Invisibile Curiosity

Metamaterials digital to create invisibility cloaks

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Metamaterials are artificial compounds that interact with the sound (most other types of waves) and the light in unusual ways, showing the characteristics that are not found in nature. Currently researchers that define the new concept of “metamaterials digital” provide an easier way to produce these compounds – which are already being used for testing and iperlenti invisibility cloaks, which are not subject to the limits of conventional materials.

“The basic idea relating to metamaterials is to mimic the way in which the atoms interact with the light, but with artificial structures still smaller than the wavelength of the light itself” – Boris Kuhlmey University of Sydney explains in The Conversation. “In this way, the optical properties will no longer be reserved to those of the constituent materials, and may be designed in an almost arbitrary.”

The way he behaves a metamaterial depends on the properties of its constituent units and as subunits are organized. Cristian Della Giovampaola and Nader Engheta, University of Pennsylvania, propose to use only two subunits with opposite properties. Defined as “bit metamaterials,” they are like the numbers 1 and 0 of a binary system. Have used parts of the nanoscopic silica and silver, interacting with light in ways quite different: one acts as the metal, while the other insulator.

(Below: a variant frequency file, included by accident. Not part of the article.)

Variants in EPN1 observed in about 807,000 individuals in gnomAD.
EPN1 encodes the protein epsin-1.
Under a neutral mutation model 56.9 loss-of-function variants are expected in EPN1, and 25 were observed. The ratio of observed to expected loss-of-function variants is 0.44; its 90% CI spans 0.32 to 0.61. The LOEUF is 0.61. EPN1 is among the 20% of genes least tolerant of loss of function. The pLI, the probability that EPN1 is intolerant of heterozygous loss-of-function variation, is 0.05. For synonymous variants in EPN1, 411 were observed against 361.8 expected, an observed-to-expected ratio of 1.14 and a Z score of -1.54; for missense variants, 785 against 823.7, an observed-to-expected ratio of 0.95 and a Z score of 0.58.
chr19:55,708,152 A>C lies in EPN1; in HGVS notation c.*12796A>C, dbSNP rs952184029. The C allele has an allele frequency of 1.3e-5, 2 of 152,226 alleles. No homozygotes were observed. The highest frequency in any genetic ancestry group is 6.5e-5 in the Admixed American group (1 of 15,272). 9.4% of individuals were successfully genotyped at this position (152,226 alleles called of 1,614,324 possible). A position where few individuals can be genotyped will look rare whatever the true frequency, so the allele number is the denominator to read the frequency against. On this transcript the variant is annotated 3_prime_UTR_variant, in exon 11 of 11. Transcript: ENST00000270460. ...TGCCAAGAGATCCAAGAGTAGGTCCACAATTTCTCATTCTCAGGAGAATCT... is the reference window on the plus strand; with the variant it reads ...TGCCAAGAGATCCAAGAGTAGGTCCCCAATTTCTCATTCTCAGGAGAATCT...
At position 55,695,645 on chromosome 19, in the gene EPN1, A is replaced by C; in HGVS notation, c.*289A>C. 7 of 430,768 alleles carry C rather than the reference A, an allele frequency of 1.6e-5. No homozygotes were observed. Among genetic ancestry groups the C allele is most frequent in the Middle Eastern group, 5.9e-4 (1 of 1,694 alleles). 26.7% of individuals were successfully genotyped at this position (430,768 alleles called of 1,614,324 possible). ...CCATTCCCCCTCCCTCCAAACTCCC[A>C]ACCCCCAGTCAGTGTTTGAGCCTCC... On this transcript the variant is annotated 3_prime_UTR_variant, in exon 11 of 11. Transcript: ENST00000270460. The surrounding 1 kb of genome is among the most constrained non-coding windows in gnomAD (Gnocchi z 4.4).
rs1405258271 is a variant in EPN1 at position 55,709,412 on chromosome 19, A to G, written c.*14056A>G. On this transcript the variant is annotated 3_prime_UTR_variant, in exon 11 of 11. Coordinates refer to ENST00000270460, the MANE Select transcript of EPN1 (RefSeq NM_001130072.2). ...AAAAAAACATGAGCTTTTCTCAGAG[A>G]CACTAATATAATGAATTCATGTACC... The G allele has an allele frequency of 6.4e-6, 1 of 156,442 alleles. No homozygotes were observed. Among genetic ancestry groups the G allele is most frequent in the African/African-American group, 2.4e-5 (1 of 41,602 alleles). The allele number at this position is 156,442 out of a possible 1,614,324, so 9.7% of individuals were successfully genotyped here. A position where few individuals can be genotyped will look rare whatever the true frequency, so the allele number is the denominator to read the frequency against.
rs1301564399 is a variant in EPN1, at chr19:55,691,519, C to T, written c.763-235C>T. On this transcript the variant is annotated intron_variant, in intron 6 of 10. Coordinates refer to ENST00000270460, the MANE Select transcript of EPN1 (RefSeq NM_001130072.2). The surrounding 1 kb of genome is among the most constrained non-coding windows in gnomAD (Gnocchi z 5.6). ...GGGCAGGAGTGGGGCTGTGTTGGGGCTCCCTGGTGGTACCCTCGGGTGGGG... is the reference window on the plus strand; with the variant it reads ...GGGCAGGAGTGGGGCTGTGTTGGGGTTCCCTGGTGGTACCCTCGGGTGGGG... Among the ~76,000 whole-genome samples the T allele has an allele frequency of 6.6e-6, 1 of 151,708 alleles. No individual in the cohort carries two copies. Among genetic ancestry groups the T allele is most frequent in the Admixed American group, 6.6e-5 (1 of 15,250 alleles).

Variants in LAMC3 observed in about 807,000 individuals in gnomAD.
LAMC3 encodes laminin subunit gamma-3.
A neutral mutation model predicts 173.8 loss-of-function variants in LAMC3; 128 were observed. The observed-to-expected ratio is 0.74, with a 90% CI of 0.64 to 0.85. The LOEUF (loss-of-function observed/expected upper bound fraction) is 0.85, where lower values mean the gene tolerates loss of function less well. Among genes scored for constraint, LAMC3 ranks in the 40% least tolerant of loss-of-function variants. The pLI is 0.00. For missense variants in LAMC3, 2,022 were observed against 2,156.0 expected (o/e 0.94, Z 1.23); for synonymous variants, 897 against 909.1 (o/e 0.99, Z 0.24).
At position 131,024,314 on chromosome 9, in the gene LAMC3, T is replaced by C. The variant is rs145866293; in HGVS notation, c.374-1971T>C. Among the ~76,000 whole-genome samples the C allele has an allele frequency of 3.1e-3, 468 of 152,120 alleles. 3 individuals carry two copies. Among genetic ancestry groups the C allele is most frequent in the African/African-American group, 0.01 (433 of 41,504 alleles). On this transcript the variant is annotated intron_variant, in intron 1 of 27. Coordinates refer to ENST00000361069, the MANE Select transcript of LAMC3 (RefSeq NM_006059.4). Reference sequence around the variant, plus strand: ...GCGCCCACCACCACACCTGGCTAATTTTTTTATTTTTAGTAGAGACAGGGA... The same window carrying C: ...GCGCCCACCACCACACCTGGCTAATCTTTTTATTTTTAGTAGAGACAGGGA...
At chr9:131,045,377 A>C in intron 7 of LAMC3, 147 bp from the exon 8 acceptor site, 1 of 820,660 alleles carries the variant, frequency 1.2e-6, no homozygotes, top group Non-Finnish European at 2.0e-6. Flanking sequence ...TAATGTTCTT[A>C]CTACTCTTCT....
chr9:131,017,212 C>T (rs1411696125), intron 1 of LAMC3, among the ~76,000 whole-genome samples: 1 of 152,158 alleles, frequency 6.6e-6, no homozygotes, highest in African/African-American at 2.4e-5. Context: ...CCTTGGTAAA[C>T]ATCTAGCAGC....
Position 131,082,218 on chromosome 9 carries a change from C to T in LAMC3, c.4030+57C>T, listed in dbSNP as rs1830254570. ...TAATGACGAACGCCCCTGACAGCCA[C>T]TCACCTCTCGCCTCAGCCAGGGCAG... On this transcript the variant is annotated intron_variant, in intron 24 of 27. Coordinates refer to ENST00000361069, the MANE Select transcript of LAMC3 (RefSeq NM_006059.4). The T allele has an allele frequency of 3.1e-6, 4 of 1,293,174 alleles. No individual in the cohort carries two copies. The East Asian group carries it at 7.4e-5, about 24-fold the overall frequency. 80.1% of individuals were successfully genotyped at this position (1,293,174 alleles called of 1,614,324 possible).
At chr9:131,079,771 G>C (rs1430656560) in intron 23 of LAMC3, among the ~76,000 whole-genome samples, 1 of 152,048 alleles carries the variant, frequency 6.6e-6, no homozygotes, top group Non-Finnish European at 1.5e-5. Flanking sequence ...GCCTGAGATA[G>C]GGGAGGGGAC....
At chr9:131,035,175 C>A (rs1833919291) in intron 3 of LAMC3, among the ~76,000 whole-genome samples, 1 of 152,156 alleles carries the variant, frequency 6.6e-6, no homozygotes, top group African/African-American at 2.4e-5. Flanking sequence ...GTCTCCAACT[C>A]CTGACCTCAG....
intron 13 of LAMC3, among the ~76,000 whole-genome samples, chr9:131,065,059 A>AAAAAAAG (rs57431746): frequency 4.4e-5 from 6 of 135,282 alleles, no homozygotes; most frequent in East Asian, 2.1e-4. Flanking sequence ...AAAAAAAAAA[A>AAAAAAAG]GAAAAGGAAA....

Both researchers have used a computer simulation to create the layered structures that make up the bytes of high function and complexity. Once the bytes were “digitized” the material that resulted had its own characteristics, different from its constituent subunits.


The idea of a cloak of invisibility depends on the manipulation of light so that the electronic circuits can control the flow of electrons. When the electromagnetic waves (such as light) hitting an object of metal or wood, are dispersed; here’s the way we see the object. Let us assume that there is an artificial material that covers it – a possible bending wave around it without being dispersed – that way we would not be able to see the object.

Manipulate the light all the time: for example, the magnifying lenses focus at a single point, while the mirrors reflect it, making change direction. Metamaterials, however, can make things even more phenomenal. “I can bend light, to disperse, to manipulate it in many different ways,” says Tiffany Walsh of Deakin University.


Metamaterials can be created to produce negative angles of refraction. If the water in the glass showcases negative refraction, the image of the pen under the water line is reversed as seen in a mirror.

A pen sticking out of a glass of water never appears as a straight line. The surface of the water bends the light, and it, traveling from the pen to the observer from below the border of the water, has a different angle of refraction with respect to the light that travels from the top. However, unlike the naturally occurring materials, metamaterials are able to play the angles of refraction negative, reversing the image (see image above). Engheta explains the difference between the two shots with the pen inside the glass, in this video of 2013 describing metamaterials:

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